The Racketeer Influenced and Corrupt Organizations (RICO) Act is a federal law that triggers visions of the mafia and other forms of organized crime. Although this law is likely most popular for those types of cases, it can play a role in health care law. Individuals or the government may use RICO charges against those who use legitimate enterprises to engage in criminal activity.
What exactly is racketeering?
As noted above, the crime essentially involves using a legitimate business to conduct illegal activity. This can include purchasing the business with ill-gotten gains, operating a legitimate business with money from illegal enterprises or using the business to commit illegal acts. Common examples of illegal activity often tied to racketeering charges include bribery, gambling and money laundering.
How do medicine and racketeering intersect?
In a recent example, a group of physicians have accused an insurance company of RICO violations. The physicians have filed a lawsuit against the insurance company for two claims:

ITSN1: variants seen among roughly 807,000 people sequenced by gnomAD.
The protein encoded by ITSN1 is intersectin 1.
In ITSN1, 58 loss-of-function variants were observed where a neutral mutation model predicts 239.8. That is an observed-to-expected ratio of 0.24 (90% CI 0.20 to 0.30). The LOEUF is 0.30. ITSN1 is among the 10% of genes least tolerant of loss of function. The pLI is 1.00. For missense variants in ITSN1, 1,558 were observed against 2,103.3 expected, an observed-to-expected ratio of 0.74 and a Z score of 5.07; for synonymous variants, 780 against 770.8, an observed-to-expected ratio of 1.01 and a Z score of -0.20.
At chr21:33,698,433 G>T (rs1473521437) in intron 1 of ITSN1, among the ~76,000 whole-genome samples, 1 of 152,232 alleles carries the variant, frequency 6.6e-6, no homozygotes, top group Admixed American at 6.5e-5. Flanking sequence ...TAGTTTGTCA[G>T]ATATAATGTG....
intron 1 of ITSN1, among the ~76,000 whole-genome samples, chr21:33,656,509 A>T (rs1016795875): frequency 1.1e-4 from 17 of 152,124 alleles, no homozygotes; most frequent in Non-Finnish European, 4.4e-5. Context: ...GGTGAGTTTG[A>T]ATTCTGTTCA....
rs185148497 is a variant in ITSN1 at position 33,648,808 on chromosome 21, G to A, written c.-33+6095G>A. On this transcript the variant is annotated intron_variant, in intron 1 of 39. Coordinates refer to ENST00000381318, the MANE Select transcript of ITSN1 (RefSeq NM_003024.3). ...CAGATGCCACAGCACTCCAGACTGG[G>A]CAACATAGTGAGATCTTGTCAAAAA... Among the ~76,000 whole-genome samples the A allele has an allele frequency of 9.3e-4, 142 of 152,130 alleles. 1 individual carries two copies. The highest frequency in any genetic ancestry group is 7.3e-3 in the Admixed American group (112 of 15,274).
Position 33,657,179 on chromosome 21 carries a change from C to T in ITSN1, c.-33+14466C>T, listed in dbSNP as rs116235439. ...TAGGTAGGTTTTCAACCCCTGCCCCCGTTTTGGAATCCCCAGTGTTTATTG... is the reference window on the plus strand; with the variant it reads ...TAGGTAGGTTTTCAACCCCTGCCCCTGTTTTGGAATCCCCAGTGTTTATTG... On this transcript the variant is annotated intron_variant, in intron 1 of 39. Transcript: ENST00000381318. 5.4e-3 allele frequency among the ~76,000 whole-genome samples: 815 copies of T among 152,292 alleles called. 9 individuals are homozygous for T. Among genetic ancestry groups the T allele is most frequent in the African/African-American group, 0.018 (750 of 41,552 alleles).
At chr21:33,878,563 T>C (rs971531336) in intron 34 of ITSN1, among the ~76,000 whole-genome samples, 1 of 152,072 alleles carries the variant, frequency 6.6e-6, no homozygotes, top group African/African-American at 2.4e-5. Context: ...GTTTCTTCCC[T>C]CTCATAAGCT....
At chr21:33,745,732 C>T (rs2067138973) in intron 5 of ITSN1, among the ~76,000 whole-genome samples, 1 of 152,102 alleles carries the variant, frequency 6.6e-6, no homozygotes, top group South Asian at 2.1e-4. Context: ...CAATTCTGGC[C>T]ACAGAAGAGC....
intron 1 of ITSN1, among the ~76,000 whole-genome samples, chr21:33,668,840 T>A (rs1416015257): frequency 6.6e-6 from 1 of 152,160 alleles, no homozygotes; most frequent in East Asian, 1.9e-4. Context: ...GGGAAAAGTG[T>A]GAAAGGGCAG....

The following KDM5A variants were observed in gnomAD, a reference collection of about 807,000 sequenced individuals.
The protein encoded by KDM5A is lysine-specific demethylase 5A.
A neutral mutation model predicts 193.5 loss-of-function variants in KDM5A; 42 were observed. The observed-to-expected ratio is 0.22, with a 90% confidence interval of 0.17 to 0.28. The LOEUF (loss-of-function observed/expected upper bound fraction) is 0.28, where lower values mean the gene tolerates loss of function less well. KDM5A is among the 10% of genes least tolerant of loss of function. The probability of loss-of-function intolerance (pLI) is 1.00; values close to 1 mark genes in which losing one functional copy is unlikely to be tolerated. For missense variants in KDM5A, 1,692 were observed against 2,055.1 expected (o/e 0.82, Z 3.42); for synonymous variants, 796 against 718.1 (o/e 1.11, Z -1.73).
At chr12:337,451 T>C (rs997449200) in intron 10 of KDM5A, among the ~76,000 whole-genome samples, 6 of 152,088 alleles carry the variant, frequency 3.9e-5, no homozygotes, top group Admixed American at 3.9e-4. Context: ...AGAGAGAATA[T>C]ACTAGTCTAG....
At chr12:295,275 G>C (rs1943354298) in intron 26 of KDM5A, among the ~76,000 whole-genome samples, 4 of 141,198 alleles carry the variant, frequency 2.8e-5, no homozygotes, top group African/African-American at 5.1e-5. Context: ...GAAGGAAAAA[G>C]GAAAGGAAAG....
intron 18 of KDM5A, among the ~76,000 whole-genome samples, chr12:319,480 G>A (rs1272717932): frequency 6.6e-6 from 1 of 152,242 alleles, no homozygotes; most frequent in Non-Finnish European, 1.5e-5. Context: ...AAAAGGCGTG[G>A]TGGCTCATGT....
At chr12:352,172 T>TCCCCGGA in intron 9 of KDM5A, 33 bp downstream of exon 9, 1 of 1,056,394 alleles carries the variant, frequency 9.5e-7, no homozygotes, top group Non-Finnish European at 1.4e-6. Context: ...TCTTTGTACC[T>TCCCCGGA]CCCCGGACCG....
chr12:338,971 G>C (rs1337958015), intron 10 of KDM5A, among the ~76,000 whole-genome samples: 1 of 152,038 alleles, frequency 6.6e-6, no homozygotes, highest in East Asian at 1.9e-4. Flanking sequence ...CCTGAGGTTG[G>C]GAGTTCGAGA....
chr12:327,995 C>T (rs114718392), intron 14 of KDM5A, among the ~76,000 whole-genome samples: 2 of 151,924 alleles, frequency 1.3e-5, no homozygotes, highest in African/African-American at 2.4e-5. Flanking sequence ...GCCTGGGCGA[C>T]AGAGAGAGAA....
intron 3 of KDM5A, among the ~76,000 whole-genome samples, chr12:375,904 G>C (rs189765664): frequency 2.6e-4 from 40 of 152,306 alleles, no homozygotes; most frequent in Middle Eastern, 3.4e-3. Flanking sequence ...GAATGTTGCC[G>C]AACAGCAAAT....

· Breach of contract. The physicians state the insurance company breached its contract by failing to pay the agreed upon rate for claims.
· RICO violations. They also state the group worked with a third-party to develop an illegal scheme to reduce payment rates to the physician group. The group states the insurance company is trying to “strong-arm” physicians through this relationship and is undermining the patient/doctor relationship.
The case is not yet resolved. If the physician group can substantiate their claims, the relationship between the insurance company and third-party group could satisfy the elements needed to establish the presence of illegal racketeering.
Why should doctors care?
Although racketeering charges may be unusual, it is an important example of the range of charges that doctors can face or use as a legal tool in the event that they themselves believe they are a victim of similar abuse.